1.Francis Scott Key Fitzgerald (1896-1940) was named after his distant cousin, who famously wrote the United States’ national anthem, “The Star-Spangled Banner.”
2. Fitzgerald feared he would lose his life if deployed during World War I. In response, he frantically wrote his first novel, The Romantic Egoist. Though this book was never published, it laid the foundation for This Side of Paradise.
3. Fitzgerald was a college dropout. After his grades took a nosedive in the fall of 1917, he left the prestigious Princeton University and joined the U.S. Army.
4. Eight days after publishing, This Side of Paradise, Fitzgerald married his sweetheart, Zelda Sayre. Zelda had previously called off their engagement due to financial concerns, but with the newfound security of Paradise‘s sales, the pair quickly wed.
5. The Beautiful and Damned is largely autobiographical. The profit and success that Fitzgerald celebrated with the release of his first novel led him and Zelda down a rabbit hole of issues. They eventually left their luxurious life in the United States for what seemed to be a calmer one in the French Riviera.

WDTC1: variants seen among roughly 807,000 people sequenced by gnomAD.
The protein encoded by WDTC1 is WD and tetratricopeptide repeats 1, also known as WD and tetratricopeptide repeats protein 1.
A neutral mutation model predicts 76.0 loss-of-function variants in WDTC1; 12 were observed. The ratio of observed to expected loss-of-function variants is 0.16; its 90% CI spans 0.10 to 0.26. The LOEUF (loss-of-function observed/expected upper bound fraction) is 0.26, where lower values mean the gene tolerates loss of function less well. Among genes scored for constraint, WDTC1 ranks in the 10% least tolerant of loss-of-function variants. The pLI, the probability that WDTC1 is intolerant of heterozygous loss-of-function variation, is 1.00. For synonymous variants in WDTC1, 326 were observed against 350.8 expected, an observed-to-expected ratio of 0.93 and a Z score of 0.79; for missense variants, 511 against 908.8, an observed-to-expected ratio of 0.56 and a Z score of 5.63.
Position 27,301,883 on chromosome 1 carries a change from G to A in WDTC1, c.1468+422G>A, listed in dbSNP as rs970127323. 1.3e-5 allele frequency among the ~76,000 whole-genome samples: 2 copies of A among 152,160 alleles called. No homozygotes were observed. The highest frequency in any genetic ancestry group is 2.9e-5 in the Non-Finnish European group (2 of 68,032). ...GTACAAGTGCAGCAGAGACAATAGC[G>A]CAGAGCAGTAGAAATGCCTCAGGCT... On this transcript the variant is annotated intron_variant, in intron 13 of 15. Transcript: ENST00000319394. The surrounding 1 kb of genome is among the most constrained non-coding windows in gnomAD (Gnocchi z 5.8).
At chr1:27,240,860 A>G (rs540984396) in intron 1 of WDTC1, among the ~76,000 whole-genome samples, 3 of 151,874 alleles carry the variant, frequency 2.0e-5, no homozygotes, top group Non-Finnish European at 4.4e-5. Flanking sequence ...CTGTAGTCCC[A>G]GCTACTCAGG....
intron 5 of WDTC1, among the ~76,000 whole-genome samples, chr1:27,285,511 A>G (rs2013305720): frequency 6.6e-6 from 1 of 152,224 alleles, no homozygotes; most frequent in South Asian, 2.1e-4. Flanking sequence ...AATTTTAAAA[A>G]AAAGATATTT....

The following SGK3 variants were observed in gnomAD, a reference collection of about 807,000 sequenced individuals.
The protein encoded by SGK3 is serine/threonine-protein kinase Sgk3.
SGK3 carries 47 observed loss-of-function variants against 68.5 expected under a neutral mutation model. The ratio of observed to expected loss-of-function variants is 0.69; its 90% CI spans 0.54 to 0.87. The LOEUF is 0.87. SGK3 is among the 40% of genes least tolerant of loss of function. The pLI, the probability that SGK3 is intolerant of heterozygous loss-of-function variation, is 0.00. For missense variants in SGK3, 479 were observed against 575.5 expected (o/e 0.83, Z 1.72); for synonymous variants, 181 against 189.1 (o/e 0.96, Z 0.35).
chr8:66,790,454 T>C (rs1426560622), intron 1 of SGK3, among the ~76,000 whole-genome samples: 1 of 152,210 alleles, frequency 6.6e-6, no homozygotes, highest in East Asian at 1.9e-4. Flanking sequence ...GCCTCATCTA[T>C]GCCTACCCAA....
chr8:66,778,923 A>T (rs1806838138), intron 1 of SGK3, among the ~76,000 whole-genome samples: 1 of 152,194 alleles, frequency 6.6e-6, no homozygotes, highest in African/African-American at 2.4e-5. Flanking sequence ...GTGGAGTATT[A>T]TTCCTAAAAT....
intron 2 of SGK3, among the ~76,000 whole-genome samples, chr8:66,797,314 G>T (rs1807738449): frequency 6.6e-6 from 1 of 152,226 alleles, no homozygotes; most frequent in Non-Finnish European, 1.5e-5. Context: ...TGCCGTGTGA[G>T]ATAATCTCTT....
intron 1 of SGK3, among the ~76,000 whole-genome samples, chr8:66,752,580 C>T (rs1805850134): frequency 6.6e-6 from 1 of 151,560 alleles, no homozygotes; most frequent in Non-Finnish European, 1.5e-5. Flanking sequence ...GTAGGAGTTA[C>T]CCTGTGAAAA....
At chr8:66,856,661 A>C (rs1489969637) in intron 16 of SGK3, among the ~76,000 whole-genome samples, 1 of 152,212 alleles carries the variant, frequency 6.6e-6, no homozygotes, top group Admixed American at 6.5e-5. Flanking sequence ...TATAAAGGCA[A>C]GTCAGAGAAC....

6. The Great Gatsby generated a meager profit for Fitzgerald and his publisher. The novel sold 21,000 copies in its first year on bookstore shelves. Today, it sells approximately 500,000 copies per year.
7. His wife, Zelda, was the descendant of prominent Confederate officials. Her great uncle, John Tyler Morgan, was a Confederate general and U.S. senator. Her grandfather, Willis Benson Machen, was a Confederate congressman.
8. Fitzgerald and Zelda suffered great marital turmoil between the years of The Great Gatsby and Tender Is the Night. As a result of Zelda’s mental breakdowns and Fitzgerald’s alcoholism, the pair split up.
9. His last novel, The Love of the Last Tycoon, would never be completed. Fitzgerald died only halfway through writing the manuscript in 1940.
10. He never saw himself as successful. When discussing his former friendship with Ernest Hemingway, Fitzgerald remarked, “I talk with the authority of failure. Ernest with the authority of success. We could never sit across the table again.”